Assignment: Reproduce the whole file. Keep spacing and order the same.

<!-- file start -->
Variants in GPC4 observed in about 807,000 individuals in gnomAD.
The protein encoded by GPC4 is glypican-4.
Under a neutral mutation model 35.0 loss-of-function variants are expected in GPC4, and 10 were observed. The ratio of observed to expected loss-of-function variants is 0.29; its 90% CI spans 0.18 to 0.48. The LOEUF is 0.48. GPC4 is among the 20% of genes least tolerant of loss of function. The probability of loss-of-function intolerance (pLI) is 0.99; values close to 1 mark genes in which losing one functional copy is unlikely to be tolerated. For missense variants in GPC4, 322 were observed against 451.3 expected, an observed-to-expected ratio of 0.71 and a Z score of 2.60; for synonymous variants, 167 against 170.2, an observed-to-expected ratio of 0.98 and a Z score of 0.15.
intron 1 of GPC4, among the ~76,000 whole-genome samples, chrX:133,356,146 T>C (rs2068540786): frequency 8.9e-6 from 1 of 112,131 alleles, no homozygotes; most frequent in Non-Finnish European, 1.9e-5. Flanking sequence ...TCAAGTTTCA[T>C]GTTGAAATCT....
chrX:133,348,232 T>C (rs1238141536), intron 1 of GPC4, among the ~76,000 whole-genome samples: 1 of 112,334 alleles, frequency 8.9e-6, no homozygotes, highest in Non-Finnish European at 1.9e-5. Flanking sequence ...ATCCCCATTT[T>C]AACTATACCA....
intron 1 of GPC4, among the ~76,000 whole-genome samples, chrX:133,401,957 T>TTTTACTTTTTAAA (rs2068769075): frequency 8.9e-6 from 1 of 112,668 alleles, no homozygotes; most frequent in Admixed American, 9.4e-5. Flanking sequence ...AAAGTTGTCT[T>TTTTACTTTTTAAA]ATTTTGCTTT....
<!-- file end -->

Variants in GPC4 observed in about 807,000 individuals in gnomAD.
The protein encoded by GPC4 is glypican-4.
Under a neutral mutation model 35.0 loss-of-function variants are expected in GPC4, and 10 were observed. The ratio of observed to expected loss-of-function variants is 0.29; its 90% CI spans 0.18 to 0.48. The LOEUF is 0.48. GPC4 is among the 20% of genes least tolerant of loss of function. The probability of loss-of-function intolerance (pLI) is 0.99; values close to 1 mark genes in which losing one functional copy is unlikely to be tolerated. For missense variants in GPC4, 322 were observed against 451.3 expected, an observed-to-expected ratio of 0.71 and a Z score of 2.60; for synonymous variants, 167 against 170.2, an observed-to-expected ratio of 0.98 and a Z score of 0.15.
intron 1 of GPC4, among the ~76,000 whole-genome samples, chrX:133,356,146 T>C (rs2068540786): frequency 8.9e-6 from 1 of 112,131 alleles, no homozygotes; most frequent in Non-Finnish European, 1.9e-5. Flanking sequence ...TCAAGTTTCA[T>C]GTTGAAATCT....
chrX:133,348,232 T>C (rs1238141536), intron 1 of GPC4, among the ~76,000 whole-genome samples: 1 of 112,334 alleles, frequency 8.9e-6, no homozygotes, highest in Non-Finnish European at 1.9e-5. Flanking sequence ...ATCCCCATTT[T>C]AACTATACCA....
intron 1 of GPC4, among the ~76,000 whole-genome samples, chrX:133,401,957 T>TTTTACTTTTTAAA (rs2068769075): frequency 8.9e-6 from 1 of 112,668 alleles, no homozygotes; most frequent in Admixed American, 9.4e-5. Flanking sequence ...AAAGTTGTCT[T>TTTTACTTTTTAAA]ATTTTGCTTT....